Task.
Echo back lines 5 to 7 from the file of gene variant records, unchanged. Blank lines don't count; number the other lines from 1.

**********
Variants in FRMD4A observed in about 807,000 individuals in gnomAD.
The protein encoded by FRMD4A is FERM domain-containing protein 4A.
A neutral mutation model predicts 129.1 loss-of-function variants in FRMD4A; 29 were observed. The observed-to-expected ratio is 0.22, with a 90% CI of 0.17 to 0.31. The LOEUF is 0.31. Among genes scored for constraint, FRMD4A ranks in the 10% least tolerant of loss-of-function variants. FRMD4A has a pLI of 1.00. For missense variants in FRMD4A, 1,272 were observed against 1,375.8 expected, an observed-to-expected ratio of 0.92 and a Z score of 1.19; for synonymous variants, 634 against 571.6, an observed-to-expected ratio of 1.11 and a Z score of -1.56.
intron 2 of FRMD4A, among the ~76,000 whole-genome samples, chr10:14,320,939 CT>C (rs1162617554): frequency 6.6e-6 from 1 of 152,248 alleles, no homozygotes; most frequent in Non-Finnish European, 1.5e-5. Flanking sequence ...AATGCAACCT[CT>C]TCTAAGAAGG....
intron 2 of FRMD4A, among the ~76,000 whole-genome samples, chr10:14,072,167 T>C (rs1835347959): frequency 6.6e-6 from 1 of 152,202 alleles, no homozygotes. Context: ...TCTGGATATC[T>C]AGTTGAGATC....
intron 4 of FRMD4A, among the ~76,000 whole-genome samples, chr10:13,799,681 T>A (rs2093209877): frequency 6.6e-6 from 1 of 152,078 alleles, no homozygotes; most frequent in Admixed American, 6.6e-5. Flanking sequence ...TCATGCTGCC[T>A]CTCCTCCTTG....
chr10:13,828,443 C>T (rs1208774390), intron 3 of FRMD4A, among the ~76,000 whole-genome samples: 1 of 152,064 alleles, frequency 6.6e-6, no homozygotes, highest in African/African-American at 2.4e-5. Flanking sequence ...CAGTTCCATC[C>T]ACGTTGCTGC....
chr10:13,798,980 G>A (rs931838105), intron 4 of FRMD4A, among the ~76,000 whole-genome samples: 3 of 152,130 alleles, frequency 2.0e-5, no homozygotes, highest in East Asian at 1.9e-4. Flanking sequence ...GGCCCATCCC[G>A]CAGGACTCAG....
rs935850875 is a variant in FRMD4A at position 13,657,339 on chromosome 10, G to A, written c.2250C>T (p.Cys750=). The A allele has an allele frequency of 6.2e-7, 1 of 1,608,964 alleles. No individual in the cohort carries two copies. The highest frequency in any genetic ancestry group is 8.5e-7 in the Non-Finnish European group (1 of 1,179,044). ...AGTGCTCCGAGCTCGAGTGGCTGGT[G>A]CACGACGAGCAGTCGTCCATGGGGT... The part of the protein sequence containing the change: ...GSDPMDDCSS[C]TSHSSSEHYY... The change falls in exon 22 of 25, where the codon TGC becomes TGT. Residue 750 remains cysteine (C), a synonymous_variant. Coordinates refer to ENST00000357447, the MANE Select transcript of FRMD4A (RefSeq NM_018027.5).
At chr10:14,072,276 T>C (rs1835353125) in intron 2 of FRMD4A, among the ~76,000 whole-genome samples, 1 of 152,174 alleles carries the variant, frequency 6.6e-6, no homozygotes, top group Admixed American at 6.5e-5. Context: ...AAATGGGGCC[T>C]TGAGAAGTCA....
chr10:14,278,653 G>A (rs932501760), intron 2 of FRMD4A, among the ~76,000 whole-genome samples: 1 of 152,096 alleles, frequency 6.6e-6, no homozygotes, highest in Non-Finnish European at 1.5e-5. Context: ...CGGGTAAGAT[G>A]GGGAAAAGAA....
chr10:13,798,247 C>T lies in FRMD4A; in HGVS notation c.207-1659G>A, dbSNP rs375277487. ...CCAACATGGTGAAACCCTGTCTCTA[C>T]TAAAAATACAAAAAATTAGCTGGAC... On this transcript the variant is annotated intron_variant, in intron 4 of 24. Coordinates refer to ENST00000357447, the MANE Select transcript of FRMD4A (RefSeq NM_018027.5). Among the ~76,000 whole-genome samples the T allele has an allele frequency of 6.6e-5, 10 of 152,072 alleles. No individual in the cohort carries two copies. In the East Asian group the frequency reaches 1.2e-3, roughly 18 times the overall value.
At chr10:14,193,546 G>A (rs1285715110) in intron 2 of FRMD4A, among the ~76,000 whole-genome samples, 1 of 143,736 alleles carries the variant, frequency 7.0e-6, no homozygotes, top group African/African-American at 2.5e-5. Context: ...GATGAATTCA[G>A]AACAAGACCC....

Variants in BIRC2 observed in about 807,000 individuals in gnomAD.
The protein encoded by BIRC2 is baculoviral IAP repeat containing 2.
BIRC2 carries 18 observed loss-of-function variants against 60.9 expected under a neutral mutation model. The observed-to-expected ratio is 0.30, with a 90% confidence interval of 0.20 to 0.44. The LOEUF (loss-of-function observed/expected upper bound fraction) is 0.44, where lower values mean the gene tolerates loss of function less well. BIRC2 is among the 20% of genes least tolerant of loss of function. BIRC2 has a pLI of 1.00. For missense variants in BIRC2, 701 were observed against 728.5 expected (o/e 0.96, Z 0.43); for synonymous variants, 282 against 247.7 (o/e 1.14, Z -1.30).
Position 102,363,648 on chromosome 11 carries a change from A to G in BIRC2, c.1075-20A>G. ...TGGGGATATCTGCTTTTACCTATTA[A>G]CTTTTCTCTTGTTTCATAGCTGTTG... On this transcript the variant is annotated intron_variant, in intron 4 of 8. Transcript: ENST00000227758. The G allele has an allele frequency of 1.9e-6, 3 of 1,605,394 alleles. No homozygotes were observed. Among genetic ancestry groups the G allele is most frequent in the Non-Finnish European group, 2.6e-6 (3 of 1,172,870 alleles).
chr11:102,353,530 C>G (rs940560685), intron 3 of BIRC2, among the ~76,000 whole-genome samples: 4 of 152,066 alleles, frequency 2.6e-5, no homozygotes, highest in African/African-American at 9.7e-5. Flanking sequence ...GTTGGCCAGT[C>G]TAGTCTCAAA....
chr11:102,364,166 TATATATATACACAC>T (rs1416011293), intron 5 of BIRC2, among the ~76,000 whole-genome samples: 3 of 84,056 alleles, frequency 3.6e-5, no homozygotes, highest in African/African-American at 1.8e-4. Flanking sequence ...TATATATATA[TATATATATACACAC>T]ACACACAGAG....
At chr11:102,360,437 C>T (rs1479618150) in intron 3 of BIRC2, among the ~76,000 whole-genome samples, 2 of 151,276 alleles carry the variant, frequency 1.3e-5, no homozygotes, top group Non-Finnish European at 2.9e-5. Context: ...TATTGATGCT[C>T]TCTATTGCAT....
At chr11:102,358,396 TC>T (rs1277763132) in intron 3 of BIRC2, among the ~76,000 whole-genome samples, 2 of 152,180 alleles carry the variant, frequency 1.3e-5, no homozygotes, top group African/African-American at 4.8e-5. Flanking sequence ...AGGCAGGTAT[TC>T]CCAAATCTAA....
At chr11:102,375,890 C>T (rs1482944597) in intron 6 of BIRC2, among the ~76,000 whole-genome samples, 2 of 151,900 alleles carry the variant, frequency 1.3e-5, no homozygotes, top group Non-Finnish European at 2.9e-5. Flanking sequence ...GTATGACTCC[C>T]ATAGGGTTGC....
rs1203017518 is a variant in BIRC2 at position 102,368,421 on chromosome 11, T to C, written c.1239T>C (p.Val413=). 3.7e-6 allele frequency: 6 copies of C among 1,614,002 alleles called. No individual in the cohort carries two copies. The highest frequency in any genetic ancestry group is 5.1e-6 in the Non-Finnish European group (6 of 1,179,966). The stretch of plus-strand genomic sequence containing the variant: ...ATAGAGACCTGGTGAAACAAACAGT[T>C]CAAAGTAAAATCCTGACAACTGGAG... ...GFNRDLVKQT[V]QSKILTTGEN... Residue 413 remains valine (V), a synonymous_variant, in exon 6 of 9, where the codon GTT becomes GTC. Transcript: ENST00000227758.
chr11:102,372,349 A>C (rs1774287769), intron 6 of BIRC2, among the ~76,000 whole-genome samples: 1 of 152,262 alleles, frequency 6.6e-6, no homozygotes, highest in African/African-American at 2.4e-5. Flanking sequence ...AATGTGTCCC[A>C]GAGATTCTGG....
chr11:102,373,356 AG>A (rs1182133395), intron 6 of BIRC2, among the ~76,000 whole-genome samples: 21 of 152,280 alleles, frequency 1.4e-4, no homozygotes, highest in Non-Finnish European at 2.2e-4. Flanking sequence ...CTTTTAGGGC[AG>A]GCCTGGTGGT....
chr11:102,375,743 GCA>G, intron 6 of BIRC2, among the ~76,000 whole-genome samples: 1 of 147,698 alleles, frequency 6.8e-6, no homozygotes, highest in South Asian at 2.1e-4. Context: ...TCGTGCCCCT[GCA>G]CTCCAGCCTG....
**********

intron 2 of FRMD4A, among the ~76,000 whole-genome samples, chr10:14,072,167 T>C (rs1835347959): frequency 6.6e-6 from 1 of 152,202 alleles, no homozygotes. Context: ...TCTGGATATC[T>C]AGTTGAGATC....
intron 4 of FRMD4A, among the ~76,000 whole-genome samples, chr10:13,799,681 T>A (rs2093209877): frequency 6.6e-6 from 1 of 152,078 alleles, no homozygotes; most frequent in Admixed American, 6.6e-5. Flanking sequence ...TCATGCTGCC[T>A]CTCCTCCTTG....
chr10:13,828,443 C>T (rs1208774390), intron 3 of FRMD4A, among the ~76,000 whole-genome samples: 1 of 152,064 alleles, frequency 6.6e-6, no homozygotes, highest in African/African-American at 2.4e-5. Flanking sequence ...CAGTTCCATC[C>T]ACGTTGCTGC....